I just got a text from my dear childhood friend and college roomate, S, whose baby sister had brain surgery for a tumor several years ago and who is being advised by her medical team to get another surgery done by EOY. She has an active tumor and symptoms (particularly eyesight) have been aggravated lately.
She was looking for someone to ask a second opinion so of course I was like, I LOVE my neuro. Go see her. And then I cried my eyes out. I still am. But then I figured I’d publish this post bc this method has been very helpful to me especially as I’ve met new docs and sought their advice concerning specific issues or procedures.
Update: No labral tear hip surgery for me, at least right now. Coach R’s “Physical Therapy” is working. He’s an Athletic Trainer/medical professional and all and knows what he’s doing (it helps that he’s got almost 3 years of data on my gait and is also a Strength Coach) but I maintain that he’s totally just making this up in his head. Which is okay (I just like to say sassy things) since it’s totally working. Sometimes I’m like, Owww! and he just looks at me with the slit eyes like, We should do this anyway. And one day my right leg FREAKED OUT so he just held the patella in place or something and made me finish the set.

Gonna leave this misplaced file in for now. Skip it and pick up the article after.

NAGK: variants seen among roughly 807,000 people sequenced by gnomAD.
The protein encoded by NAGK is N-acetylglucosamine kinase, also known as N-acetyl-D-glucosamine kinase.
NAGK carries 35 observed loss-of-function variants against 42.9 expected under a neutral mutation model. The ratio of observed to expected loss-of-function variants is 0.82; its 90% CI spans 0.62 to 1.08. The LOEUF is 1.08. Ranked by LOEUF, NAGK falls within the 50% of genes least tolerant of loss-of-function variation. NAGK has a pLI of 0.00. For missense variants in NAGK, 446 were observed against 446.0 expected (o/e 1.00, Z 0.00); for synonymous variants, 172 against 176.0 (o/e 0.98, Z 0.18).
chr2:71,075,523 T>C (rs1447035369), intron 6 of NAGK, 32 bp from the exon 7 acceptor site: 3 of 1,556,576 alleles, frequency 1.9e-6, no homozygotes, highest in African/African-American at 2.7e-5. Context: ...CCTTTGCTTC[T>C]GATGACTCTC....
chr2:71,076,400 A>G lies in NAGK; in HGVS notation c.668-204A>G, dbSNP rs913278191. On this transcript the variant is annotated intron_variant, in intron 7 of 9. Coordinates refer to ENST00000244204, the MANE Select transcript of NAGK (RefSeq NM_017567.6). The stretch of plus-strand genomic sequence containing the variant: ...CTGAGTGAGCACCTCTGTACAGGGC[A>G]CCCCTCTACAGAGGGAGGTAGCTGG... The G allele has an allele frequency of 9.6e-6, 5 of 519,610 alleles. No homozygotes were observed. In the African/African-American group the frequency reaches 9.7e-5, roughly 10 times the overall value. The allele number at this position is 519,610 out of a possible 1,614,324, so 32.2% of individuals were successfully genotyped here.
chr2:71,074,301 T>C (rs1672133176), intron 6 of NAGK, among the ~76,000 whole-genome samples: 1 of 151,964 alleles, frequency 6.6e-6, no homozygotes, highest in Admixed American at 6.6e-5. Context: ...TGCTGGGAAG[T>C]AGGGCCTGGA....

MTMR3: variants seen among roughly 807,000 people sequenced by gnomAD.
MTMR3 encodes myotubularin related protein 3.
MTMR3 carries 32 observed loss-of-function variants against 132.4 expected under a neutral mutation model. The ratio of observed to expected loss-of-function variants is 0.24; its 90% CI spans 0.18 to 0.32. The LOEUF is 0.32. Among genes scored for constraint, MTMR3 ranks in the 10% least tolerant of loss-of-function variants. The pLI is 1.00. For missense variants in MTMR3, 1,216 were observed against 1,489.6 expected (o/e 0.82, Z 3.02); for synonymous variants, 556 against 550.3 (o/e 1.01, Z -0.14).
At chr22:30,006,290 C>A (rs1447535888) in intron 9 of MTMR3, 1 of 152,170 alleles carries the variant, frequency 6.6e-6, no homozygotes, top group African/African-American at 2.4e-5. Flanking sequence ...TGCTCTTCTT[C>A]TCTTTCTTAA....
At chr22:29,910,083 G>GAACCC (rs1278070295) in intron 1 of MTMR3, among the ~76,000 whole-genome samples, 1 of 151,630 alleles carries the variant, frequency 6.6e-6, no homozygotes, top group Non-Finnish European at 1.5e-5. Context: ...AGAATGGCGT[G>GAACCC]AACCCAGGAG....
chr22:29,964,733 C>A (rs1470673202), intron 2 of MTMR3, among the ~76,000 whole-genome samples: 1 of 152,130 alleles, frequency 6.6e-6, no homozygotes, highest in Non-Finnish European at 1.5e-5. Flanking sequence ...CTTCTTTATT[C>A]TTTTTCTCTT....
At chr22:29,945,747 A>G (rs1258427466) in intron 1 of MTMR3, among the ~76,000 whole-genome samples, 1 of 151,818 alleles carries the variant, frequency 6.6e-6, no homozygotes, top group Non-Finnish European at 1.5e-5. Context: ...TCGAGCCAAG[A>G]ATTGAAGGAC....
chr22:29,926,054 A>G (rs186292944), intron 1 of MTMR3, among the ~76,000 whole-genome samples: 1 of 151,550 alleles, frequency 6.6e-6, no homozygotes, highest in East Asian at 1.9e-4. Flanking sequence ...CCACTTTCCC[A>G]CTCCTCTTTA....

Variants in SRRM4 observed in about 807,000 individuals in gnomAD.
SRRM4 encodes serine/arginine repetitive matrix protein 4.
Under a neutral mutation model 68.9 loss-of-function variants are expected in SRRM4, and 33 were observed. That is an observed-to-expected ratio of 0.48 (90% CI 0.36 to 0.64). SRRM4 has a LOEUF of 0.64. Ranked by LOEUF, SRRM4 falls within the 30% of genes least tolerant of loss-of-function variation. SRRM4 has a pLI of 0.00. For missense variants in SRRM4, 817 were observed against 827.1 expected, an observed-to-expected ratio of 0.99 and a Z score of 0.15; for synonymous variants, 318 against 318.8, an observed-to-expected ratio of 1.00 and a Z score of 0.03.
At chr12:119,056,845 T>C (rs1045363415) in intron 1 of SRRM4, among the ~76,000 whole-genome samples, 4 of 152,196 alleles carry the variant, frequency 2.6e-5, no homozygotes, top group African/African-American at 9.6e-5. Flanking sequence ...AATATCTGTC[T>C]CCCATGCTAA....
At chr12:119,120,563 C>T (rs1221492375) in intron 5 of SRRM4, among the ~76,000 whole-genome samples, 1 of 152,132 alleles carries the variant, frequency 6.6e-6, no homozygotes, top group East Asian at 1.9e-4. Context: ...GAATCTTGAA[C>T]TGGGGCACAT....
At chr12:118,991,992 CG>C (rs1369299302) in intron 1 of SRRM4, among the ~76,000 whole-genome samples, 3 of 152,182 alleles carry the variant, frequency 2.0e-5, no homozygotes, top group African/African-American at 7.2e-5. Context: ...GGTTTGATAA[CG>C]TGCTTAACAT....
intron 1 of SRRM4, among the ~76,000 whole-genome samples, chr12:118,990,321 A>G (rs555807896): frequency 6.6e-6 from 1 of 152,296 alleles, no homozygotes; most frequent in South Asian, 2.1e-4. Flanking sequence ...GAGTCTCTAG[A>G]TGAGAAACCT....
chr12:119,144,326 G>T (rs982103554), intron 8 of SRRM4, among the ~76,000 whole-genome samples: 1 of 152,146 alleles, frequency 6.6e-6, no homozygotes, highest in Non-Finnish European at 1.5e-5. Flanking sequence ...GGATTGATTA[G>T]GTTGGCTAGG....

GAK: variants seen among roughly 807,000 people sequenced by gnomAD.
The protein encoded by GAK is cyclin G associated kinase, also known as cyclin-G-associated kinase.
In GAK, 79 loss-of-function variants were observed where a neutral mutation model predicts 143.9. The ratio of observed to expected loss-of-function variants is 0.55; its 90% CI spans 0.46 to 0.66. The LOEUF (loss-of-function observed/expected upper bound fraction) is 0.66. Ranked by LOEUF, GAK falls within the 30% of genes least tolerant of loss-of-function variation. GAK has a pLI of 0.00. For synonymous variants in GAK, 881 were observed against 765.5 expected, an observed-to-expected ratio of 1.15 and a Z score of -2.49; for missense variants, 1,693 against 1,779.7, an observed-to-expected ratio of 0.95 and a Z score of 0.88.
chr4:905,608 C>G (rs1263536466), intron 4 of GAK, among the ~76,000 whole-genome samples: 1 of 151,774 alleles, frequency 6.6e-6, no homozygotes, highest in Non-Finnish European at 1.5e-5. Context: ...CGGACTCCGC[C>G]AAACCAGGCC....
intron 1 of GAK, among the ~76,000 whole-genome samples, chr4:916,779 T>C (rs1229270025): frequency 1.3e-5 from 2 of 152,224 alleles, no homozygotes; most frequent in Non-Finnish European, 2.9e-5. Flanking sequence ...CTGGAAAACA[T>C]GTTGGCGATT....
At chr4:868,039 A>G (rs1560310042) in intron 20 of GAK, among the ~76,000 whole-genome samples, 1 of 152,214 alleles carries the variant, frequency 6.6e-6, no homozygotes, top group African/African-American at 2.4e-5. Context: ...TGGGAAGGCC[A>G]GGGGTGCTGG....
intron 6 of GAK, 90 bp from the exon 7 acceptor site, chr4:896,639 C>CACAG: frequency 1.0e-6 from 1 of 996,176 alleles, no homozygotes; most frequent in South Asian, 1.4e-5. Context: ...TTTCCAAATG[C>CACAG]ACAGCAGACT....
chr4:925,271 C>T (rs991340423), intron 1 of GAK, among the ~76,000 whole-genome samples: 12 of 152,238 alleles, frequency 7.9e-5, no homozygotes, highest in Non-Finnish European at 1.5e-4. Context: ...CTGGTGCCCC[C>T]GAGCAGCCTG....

If you’re wondering how Trainer D and Smurfette are doing, they are fine and dandy. Except Animal Muppet yelled at me for a WHOLE HOUR a couple weeks ago bc he found out I had stopped eating food again. Quote from yesterday: How are your neurotransmitters? Seriously, D – I am so embarrassed for you right now. Who asks that sort of thing? I don’t even know what that means.
Meanwhile, I’m much more interested in the fact that Smurfette is rocking a new long bob after donating her curls to Locks of Love. High 5, Smurfette!!
Back to the Medical Resume thing: Mine has become much shorter over the years. Assume the doc will only glance at it briefly. What do you want them to know, and what do YOU want to know? Go in there with a goal (e.g. Information on Pros and Cons of X, Images and Tests, advice on how to approach a problem) and signal intent to pursue this seriously by managing your own time and the doctor’s schedule by accomplishing your agenda and getting what you need with a minimum of fuss. If you lay it out on paper they know you mean business and can serve you better and faster. Also, bring a friend or family member so you can compare notes later.
This image is an example – it’s what I used for my Ortho Surgeon.
I know, I know – the majority of the population will not need a Medical Resume. But there are some of us who are so EXCRUCIATINGLY COOL that we will have a template we customize for each new doctor. This is a tool you can use to help yourself get the level of care you want. It’s also a great idea for a family member of friend to do for a loved one who is not able to create one for him/herself, and also for people facing a new diagnosis. It keeps everyone on track at the appointment, especially if you’re new at this and nervous, or an old hand…frankly, I’m ALWAYS nervous.
Note to D: This is YOUR body and your decision. The best thing you can do is get insight from professionals. It’s scary and it stinks, but be guided by their expertise even if it’s not what you want to hear. You want the best outcome for the long term. I’m sorry. SNIFF. Big Hugs and lots of prayers for you and your whole family, xoxo ning.